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North Korea slams Scarlett O'Hara for 'bourgeois' motives

A North Korean mobile app includes criticism of the bourgeois characters of the novel Gone With The Wind, including Scarlett O'Hara, depicted here as a doll, according to a South Korean news service on Monday. File Photo by John Angelillo/UPI
A North Korean mobile app includes criticism of the "bourgeois" characters of the novel "Gone With The Wind," including Scarlett O'Hara, depicted here as a doll, according to a South Korean news service on Monday. File Photo by John Angelillo/UPI | License Photo

Feb. 17 (UPI) -- A translation of the novel Gone With The Wind, uploaded to a North Korea state-sanctioned mobile app, includes North Korean criticism dismissing the main protagonists as "bourgeois" and having "no basic morality," according to a South Korean news service.

NK Economy reported Monday a North Korean smartphone obtained by the news service included a translated copy of the 1936 novel by Margaret Mitchell, which was later adapted into an Academy Award-winning film starring Vivien Leigh as Scarlett O'Hara. The North Korean translation dates to 1999, according to the report.

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The North Korean preface to the novel gave the author credit for creating authentic characters and for the "dramatic depiction of human relationships."

But the prologue also slammed the book for its depiction of materialism and Scarlett's lust for money.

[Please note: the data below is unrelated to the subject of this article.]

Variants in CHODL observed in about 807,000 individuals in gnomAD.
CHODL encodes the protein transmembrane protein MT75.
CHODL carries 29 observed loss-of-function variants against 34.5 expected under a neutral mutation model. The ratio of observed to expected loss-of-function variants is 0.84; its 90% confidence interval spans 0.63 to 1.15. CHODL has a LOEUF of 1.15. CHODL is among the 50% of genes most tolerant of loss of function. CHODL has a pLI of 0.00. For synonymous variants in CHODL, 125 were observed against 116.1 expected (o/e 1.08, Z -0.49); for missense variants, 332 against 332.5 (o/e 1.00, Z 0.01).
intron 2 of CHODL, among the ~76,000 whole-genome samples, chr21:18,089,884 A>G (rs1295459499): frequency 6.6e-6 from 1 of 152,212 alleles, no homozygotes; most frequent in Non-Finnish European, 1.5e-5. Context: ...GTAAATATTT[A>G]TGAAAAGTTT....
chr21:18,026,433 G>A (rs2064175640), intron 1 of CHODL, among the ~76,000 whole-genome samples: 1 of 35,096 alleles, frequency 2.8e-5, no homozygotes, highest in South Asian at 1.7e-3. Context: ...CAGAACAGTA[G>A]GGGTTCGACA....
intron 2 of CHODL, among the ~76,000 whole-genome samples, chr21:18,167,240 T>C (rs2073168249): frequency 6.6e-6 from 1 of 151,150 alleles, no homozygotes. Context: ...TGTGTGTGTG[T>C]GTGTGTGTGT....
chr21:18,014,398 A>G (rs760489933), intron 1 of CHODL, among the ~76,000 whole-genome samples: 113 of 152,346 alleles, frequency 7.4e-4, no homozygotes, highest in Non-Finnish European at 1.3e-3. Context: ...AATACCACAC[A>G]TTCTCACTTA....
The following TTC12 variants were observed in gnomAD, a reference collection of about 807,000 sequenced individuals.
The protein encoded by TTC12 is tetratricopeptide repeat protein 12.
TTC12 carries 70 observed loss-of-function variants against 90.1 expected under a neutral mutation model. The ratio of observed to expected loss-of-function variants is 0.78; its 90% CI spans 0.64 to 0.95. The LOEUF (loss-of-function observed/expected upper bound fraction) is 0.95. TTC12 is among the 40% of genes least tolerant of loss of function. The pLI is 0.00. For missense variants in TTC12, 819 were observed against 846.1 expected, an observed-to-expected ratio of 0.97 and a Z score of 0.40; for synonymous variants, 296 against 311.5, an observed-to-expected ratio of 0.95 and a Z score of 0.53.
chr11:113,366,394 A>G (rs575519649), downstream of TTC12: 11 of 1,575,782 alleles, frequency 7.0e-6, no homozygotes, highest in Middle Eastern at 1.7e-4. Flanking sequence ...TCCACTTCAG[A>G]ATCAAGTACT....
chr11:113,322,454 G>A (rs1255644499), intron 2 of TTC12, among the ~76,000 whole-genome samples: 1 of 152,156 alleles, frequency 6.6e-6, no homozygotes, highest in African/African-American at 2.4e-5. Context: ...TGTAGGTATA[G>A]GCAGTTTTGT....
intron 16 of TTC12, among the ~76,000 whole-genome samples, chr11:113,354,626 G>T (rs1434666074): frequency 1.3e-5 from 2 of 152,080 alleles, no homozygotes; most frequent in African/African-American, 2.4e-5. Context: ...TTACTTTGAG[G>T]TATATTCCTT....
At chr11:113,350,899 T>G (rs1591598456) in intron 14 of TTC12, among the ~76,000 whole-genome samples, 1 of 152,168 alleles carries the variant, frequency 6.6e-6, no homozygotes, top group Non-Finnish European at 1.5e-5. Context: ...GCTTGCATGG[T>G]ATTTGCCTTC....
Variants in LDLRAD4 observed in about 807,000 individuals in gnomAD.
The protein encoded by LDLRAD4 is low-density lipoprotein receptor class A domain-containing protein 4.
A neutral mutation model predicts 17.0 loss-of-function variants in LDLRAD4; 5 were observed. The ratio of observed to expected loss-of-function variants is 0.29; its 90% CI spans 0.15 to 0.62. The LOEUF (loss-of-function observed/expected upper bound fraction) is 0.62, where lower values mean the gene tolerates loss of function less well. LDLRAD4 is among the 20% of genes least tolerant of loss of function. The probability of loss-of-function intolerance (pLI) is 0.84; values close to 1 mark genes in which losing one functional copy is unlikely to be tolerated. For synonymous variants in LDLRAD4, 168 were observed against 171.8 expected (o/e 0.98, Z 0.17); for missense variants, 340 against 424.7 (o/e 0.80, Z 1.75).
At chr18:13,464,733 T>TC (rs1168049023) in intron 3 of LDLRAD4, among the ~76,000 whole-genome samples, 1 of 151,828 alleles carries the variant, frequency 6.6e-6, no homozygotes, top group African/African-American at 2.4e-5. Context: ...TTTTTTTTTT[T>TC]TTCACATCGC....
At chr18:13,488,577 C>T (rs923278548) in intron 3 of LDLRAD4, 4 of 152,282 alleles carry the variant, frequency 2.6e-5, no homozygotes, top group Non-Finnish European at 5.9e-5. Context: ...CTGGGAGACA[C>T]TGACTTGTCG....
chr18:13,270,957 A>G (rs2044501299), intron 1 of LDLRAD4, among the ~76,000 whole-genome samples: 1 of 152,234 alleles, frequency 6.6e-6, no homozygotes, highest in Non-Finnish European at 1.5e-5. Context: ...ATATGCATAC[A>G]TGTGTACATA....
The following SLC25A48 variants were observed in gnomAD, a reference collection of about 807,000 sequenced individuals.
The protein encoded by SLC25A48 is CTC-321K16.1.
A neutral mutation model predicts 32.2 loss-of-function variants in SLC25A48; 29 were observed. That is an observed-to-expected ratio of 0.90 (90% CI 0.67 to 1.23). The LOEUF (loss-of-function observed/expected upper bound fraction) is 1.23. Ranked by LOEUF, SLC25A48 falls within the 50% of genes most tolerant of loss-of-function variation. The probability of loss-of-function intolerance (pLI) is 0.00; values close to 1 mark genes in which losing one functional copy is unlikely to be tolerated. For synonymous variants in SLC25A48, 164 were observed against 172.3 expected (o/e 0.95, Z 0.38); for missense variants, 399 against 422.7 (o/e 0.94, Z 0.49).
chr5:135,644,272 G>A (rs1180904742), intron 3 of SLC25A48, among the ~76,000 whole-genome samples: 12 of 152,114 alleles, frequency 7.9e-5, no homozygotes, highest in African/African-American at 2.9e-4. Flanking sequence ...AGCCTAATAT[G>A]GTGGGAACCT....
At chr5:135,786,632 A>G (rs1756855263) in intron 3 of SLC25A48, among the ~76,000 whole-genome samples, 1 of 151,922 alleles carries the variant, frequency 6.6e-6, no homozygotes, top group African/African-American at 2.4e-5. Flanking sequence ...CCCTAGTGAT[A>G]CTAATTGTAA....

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"Scarlett's personality is embodied in the bourgeois view that 'life is about making money' and 'the highest goal in life is to make money and seek profits'," the North Korean preface read, according to NK Economy.

"It is thoroughly individualistic and selfish to live out life this way."

The preface goes on to say Scarlett's life goal of making money shows how she is void of "basic morality." Scarlett's capitalist mindset makes her "fearless" of criticism, and pushes her to "seduce" Rhett Butler during her second husband's funeral.

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"Her only ideal is to make money that in turn makes more money," the North Korean criticism read. The preface also slammed the novel for glamorizing plantation life in the American South and for expressing "white supremacy" and "contempt and hatred for blacks and people of color."

In the field of media and entertainment, North Korea may have also been expanding its cartoon offerings.

Japan-based paper Choson Sinbo reported Monday Pyongyang aired the 100th episode of The Boy General after the animation first aired in 1982.

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The 100th and final episode aired in December, making it one of the longest-running animated series, according to the report.

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